Six questions for
Alex Turner

Tique asks six questions to an artist about their work and inspiration.
This week: Alex Turner.

Artist Alex Turner
Lives in Los Angeles, CA

How do you describe your own art practice?

My work is often influenced by scientific fields of study and technologies not intended for artistic use or thought. When making art, I take a hybrid approach that merges multiple practices. Like scientists, I research thoroughly and often set specific parameters for myself. When partnering with them, I am sometimes bound to their strict rules and methodologies. Ultimately, however, I rely on emotion and instinct to guide me. It’s a delicate exercise to balance the planned and intuitive.

Which question or theme is central in your work?

How do the limits of human vision shape the world around us? What tools of enhancement do we use, and what are their implications? Our visual constraints are not just biological, though: we are a narrow-minded and short-sighted species. What do we see when we push beyond those limitations? I don’t expect to solve these concerns in my work, but I do hope to instil a curiosity in the viewer that encourages them to consider these questions.

What was your first experience with art?

As a child I was obsessed with taxonomy. I drew and labeled everything I saw in nature: trees and their leaves, birds, butterflies, flowers, etc. I was enamored with John James Audubon’s massive Birds of America catalogue, and its influence is apparent in my work to this day. There is a poetry and tragedy to Audubon’s bizarrely contorted figures, boxed and indexed (at life size, no less) for our viewing pleasure. A through line in all of my work is the study of our attempts, regardless of motive, to understand and control the natural world.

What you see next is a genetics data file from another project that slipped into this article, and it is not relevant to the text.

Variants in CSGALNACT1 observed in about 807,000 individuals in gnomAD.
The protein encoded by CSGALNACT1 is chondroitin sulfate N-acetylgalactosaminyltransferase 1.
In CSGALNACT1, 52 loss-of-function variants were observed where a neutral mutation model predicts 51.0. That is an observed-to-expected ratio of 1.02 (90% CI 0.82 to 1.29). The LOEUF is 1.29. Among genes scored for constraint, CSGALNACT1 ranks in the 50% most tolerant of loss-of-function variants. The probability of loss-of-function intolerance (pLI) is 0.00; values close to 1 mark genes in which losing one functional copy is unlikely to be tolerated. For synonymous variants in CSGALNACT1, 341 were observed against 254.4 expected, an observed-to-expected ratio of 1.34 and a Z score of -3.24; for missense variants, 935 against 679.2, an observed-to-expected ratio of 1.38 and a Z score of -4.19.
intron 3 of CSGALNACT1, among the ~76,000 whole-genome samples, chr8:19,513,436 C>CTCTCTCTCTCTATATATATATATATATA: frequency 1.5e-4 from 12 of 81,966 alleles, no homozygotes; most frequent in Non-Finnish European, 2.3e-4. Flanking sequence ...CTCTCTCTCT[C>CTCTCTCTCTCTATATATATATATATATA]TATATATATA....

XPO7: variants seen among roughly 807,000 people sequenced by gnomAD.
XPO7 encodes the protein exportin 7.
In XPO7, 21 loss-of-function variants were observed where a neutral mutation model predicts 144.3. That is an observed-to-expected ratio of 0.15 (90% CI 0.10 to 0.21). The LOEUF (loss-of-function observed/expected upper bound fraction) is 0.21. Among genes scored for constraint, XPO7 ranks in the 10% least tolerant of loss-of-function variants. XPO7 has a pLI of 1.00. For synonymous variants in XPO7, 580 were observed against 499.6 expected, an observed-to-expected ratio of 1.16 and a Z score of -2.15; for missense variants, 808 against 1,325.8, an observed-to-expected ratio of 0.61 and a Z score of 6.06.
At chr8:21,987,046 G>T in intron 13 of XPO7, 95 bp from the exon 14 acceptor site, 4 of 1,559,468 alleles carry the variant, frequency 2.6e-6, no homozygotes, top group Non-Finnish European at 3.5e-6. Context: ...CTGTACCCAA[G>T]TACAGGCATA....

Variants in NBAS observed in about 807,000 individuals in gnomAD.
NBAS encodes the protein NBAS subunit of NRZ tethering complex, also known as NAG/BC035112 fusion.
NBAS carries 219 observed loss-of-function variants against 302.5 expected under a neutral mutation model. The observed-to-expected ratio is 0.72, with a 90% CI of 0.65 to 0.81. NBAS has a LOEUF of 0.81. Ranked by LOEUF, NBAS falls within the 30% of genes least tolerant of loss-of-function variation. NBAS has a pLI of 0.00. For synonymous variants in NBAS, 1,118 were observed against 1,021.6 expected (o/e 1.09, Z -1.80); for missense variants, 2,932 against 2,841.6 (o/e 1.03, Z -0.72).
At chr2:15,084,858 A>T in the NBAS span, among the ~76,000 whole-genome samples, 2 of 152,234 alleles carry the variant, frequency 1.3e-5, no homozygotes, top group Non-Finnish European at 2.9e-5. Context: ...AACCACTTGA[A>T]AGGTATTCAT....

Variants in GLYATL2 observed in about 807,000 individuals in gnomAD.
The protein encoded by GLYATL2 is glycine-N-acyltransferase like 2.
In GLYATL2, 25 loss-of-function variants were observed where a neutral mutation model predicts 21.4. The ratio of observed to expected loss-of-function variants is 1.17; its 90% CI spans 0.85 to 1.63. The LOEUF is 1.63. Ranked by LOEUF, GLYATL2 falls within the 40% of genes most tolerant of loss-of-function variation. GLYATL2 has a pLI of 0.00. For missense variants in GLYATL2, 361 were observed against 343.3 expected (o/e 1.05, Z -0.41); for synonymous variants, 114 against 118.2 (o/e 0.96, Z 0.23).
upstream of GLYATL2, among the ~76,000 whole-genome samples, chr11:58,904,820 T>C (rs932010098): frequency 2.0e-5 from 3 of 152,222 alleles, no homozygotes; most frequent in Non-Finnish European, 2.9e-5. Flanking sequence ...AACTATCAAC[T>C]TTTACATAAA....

What is your greatest source of inspiration?

Working with people outside the arts. I’ve grown accustomed to thinking about the world through my privileged creative lens. I think it’s critically important to hear other perspectives, especially when considering social and environmental issues. Many times these new perspectives challenge my thinking, and that energizes and inspires me to reconsider my work. I try to combine as many different viewpoints in my artwork as possible to show you how layered and complicated any subject can be.

What do you need in order to create your work?

Silence, space, and a lot of time. I used to work in the architecture and design industry, which is dependent on speed and efficiency. I’ve had to un-learn that strategy to some extent. It is by wandering and failing that I begin to set the boundaries of an idea or project. That requires a lot of quiet alone time, often outdoors.

What work or artist has most recently surprised you?

Recently, I’ve been obsessing over Lucretia Martel’s 2001 film La ciénaga. Watching it is an intimate and immersive experience, and you cannot help but consider your proximity to the characters in the film and their proximity to each other. I think about closeness/distance a lot in my practice, and I’m always interested in seeing how other artists approach it in their work.

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